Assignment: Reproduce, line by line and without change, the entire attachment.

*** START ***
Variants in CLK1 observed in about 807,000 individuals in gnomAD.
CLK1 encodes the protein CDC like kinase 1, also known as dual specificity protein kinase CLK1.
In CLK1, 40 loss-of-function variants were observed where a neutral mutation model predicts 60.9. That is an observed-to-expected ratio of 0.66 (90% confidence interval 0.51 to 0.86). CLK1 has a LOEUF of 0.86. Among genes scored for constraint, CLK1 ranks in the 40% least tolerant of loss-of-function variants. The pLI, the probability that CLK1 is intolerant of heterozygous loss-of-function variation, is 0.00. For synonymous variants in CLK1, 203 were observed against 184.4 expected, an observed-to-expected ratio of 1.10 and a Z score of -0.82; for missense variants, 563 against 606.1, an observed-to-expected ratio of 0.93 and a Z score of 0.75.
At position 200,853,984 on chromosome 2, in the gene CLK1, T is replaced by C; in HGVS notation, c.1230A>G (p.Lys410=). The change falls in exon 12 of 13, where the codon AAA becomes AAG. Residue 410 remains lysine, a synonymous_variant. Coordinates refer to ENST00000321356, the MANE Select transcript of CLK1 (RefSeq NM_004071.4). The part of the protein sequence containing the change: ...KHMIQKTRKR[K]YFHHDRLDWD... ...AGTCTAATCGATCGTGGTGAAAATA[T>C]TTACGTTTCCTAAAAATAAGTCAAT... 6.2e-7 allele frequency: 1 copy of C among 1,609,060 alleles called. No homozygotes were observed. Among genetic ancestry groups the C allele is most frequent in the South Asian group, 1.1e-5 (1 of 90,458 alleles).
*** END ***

Variants in CLK1 observed in about 807,000 individuals in gnomAD.
CLK1 encodes the protein CDC like kinase 1, also known as dual specificity protein kinase CLK1.
In CLK1, 40 loss-of-function variants were observed where a neutral mutation model predicts 60.9. That is an observed-to-expected ratio of 0.66 (90% confidence interval 0.51 to 0.86). CLK1 has a LOEUF of 0.86. Among genes scored for constraint, CLK1 ranks in the 40% least tolerant of loss-of-function variants. The pLI, the probability that CLK1 is intolerant of heterozygous loss-of-function variation, is 0.00. For synonymous variants in CLK1, 203 were observed against 184.4 expected, an observed-to-expected ratio of 1.10 and a Z score of -0.82; for missense variants, 563 against 606.1, an observed-to-expected ratio of 0.93 and a Z score of 0.75.
At position 200,853,984 on chromosome 2, in the gene CLK1, T is replaced by C; in HGVS notation, c.1230A>G (p.Lys410=). The change falls in exon 12 of 13, where the codon AAA becomes AAG. Residue 410 remains lysine, a synonymous_variant. Coordinates refer to ENST00000321356, the MANE Select transcript of CLK1 (RefSeq NM_004071.4). The part of the protein sequence containing the change: ...KHMIQKTRKR[K]YFHHDRLDWD... ...AGTCTAATCGATCGTGGTGAAAATA[T>C]TTACGTTTCCTAAAAATAAGTCAAT... 6.2e-7 allele frequency: 1 copy of C among 1,609,060 alleles called. No homozygotes were observed. Among genetic ancestry groups the C allele is most frequent in the South Asian group, 1.1e-5 (1 of 90,458 alleles).